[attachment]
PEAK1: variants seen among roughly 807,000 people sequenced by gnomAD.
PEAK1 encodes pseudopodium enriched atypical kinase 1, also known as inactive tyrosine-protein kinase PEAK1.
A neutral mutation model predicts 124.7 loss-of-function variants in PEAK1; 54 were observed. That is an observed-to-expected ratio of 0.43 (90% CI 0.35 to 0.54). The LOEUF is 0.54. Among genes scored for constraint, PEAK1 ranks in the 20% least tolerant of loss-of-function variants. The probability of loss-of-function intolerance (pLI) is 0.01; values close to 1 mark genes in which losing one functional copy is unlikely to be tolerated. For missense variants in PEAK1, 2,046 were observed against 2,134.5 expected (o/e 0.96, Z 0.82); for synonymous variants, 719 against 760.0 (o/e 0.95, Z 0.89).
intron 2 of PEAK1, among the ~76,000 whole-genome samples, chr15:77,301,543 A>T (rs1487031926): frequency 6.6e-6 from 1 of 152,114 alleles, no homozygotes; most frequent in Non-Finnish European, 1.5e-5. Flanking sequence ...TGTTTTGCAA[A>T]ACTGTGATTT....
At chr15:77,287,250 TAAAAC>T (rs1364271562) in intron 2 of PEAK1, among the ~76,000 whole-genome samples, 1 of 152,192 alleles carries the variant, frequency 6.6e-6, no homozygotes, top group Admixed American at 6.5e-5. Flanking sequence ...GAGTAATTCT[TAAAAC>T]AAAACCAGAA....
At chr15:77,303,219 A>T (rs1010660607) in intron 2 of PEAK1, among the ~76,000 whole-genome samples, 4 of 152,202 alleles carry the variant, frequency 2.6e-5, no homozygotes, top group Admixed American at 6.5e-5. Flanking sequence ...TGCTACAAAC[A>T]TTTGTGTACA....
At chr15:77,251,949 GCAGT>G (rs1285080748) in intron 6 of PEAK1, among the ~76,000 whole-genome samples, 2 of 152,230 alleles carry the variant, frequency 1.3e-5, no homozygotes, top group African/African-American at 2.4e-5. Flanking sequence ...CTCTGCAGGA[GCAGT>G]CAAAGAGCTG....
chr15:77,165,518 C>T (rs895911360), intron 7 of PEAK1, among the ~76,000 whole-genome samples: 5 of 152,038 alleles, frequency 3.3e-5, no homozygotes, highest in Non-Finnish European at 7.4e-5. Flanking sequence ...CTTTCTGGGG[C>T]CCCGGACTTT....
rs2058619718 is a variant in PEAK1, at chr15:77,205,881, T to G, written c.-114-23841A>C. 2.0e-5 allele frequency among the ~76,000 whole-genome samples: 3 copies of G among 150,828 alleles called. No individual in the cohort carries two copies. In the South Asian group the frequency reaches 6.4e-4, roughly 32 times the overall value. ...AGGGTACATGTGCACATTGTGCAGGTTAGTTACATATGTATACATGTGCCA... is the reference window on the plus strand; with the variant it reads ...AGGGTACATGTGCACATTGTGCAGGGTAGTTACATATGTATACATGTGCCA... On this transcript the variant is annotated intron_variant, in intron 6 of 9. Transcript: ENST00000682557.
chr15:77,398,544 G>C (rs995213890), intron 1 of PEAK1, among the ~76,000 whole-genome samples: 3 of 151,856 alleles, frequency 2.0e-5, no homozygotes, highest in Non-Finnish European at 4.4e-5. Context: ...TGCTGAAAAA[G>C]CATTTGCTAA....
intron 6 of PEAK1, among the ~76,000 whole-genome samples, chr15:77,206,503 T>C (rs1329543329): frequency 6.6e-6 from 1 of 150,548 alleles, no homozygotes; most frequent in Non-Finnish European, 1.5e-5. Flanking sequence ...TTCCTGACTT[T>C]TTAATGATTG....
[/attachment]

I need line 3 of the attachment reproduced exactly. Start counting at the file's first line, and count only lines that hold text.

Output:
A neutral mutation model predicts 124.7 loss-of-function variants in PEAK1; 54 were observed. That is an observed-to-expected ratio of 0.43 (90% CI 0.35 to 0.54). The LOEUF is 0.54. Among genes scored for constraint, PEAK1 ranks in the 20% least tolerant of loss-of-function variants. The probability of loss-of-function intolerance (pLI) is 0.01; values close to 1 mark genes in which losing one functional copy is unlikely to be tolerated. For missense variants in PEAK1, 2,046 were observed against 2,134.5 expected (o/e 0.96, Z 0.82); for synonymous variants, 719 against 760.0 (o/e 0.95, Z 0.89).